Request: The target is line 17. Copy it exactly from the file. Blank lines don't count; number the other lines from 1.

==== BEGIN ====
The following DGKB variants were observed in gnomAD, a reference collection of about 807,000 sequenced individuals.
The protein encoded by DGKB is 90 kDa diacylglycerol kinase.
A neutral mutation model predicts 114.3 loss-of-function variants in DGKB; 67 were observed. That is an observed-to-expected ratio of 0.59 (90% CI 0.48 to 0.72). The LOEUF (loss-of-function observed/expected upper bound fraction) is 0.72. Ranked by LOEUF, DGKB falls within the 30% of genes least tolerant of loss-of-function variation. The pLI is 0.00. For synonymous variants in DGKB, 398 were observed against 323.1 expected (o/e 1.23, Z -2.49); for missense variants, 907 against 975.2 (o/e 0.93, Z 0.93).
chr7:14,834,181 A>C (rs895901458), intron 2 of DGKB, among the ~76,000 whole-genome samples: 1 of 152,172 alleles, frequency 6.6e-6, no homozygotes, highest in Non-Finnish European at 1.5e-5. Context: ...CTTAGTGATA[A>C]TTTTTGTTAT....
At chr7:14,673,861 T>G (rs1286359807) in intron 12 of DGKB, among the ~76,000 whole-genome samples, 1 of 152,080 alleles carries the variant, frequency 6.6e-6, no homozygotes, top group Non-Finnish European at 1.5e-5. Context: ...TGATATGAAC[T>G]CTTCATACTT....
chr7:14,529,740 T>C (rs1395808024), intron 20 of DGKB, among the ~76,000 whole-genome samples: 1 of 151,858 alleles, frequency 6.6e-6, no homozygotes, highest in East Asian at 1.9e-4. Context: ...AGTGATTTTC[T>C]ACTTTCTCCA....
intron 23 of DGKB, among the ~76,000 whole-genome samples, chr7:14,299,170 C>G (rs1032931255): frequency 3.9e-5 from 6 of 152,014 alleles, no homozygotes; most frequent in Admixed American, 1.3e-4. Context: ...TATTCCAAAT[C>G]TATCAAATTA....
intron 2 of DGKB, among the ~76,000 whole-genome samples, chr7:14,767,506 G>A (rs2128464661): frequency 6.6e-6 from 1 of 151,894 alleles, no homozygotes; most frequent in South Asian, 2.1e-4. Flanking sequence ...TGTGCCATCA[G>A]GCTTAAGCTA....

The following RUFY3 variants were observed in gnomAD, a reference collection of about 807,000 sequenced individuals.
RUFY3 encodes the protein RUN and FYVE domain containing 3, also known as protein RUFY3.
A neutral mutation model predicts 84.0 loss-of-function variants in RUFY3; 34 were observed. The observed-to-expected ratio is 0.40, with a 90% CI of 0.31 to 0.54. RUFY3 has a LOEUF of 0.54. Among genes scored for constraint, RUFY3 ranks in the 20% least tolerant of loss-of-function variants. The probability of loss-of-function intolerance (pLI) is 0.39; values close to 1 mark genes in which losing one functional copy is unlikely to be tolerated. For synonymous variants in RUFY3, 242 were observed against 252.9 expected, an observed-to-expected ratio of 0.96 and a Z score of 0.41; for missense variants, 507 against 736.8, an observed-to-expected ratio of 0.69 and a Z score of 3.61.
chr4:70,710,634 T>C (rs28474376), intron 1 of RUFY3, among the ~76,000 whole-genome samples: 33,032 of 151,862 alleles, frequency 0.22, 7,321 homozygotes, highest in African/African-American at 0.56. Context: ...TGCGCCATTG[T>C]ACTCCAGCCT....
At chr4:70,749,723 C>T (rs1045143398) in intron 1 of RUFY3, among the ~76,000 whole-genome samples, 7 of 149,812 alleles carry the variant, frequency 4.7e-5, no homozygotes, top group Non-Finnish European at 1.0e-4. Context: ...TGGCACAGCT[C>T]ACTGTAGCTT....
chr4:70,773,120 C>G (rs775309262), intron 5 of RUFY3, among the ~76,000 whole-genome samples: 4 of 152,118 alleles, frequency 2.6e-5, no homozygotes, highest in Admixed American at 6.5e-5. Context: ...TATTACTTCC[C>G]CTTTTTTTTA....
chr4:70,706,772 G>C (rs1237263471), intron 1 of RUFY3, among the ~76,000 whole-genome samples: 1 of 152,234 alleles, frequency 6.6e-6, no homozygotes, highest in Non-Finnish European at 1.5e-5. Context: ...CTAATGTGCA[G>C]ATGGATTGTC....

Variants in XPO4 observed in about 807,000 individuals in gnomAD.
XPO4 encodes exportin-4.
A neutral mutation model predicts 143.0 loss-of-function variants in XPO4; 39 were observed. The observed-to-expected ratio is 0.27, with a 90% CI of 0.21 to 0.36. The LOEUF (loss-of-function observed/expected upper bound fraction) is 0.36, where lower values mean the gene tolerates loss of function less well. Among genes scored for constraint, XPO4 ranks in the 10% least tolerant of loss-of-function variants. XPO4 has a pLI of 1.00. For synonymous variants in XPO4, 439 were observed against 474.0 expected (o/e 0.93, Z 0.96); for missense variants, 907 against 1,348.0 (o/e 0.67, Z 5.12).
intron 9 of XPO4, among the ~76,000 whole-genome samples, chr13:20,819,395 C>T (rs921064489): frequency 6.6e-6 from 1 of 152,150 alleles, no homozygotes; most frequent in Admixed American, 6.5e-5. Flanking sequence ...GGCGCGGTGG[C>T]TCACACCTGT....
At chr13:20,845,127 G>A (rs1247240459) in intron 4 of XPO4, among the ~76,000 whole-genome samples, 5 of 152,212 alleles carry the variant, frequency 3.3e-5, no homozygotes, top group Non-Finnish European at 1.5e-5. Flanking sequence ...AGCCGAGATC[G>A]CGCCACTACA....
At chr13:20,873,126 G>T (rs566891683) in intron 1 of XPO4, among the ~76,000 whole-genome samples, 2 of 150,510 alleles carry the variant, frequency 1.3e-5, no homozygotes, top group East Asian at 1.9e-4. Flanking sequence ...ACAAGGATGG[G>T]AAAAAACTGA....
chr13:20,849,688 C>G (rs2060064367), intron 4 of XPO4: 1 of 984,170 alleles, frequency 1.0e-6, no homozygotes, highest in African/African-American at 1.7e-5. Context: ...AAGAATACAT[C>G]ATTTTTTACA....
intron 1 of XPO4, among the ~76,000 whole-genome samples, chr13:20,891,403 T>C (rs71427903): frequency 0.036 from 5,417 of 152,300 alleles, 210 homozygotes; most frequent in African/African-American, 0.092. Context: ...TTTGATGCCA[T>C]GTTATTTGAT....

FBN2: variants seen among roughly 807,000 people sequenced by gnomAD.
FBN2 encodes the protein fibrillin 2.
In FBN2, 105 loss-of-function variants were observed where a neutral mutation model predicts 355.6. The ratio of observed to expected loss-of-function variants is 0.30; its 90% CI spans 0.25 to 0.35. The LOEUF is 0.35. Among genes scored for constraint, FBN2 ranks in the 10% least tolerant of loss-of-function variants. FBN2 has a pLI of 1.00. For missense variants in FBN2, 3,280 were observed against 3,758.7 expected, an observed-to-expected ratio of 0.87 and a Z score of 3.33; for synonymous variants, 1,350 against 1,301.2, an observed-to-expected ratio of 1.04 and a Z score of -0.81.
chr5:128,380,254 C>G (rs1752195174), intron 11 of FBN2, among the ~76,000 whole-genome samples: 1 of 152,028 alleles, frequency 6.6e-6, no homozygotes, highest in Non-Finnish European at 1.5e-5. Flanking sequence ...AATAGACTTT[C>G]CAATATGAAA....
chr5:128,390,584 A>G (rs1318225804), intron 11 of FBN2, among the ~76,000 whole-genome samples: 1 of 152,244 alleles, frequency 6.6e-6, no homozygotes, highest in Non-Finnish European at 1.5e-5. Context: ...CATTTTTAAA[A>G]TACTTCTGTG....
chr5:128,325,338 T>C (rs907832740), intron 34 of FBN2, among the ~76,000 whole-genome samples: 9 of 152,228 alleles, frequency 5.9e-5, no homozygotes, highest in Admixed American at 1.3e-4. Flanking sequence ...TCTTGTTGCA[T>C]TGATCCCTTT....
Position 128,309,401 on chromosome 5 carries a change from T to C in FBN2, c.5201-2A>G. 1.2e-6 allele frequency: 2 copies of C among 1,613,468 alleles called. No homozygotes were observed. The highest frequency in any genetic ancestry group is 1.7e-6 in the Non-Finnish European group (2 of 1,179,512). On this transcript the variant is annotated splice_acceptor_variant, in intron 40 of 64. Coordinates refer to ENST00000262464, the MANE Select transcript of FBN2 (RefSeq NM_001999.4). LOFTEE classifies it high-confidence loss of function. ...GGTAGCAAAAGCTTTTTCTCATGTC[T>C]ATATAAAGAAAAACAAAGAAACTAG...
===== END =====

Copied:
XPO4 encodes exportin-4.